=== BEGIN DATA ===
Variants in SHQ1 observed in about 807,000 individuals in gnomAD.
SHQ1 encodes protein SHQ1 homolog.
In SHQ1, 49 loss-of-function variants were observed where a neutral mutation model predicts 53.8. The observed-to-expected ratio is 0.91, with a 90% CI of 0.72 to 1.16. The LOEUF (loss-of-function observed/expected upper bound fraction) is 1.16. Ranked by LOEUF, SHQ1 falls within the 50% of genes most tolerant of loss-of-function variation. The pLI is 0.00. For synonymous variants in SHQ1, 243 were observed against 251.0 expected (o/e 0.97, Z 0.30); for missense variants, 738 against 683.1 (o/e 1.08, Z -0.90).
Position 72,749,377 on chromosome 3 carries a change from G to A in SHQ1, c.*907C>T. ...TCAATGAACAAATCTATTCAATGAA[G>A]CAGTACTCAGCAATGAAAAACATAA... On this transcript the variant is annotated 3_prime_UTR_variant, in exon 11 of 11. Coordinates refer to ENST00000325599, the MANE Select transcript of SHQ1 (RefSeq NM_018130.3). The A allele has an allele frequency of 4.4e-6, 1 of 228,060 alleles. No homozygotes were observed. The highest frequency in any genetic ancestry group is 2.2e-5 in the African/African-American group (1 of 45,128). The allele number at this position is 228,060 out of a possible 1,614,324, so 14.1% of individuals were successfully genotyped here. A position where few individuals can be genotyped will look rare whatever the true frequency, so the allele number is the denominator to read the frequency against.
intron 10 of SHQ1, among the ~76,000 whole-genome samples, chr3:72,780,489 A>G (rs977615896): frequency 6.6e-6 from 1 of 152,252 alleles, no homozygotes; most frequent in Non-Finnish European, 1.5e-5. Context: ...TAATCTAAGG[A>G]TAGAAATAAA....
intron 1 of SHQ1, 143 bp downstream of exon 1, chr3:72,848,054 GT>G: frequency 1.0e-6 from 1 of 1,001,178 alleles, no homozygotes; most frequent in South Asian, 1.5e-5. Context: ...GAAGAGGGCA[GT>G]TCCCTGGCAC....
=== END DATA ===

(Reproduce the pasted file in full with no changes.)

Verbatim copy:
Variants in SHQ1 observed in about 807,000 individuals in gnomAD.
SHQ1 encodes protein SHQ1 homolog.
In SHQ1, 49 loss-of-function variants were observed where a neutral mutation model predicts 53.8. The observed-to-expected ratio is 0.91, with a 90% CI of 0.72 to 1.16. The LOEUF (loss-of-function observed/expected upper bound fraction) is 1.16. Ranked by LOEUF, SHQ1 falls within the 50% of genes most tolerant of loss-of-function variation. The pLI is 0.00. For synonymous variants in SHQ1, 243 were observed against 251.0 expected (o/e 0.97, Z 0.30); for missense variants, 738 against 683.1 (o/e 1.08, Z -0.90).
Position 72,749,377 on chromosome 3 carries a change from G to A in SHQ1, c.*907C>T. ...TCAATGAACAAATCTATTCAATGAA[G>A]CAGTACTCAGCAATGAAAAACATAA... On this transcript the variant is annotated 3_prime_UTR_variant, in exon 11 of 11. Coordinates refer to ENST00000325599, the MANE Select transcript of SHQ1 (RefSeq NM_018130.3). The A allele has an allele frequency of 4.4e-6, 1 of 228,060 alleles. No homozygotes were observed. The highest frequency in any genetic ancestry group is 2.2e-5 in the African/African-American group (1 of 45,128). The allele number at this position is 228,060 out of a possible 1,614,324, so 14.1% of individuals were successfully genotyped here. A position where few individuals can be genotyped will look rare whatever the true frequency, so the allele number is the denominator to read the frequency against.
intron 10 of SHQ1, among the ~76,000 whole-genome samples, chr3:72,780,489 A>G (rs977615896): frequency 6.6e-6 from 1 of 152,252 alleles, no homozygotes; most frequent in Non-Finnish European, 1.5e-5. Context: ...TAATCTAAGG[A>G]TAGAAATAAA....
intron 1 of SHQ1, 143 bp downstream of exon 1, chr3:72,848,054 GT>G: frequency 1.0e-6 from 1 of 1,001,178 alleles, no homozygotes; most frequent in South Asian, 1.5e-5. Context: ...GAAGAGGGCA[GT>G]TCCCTGGCAC....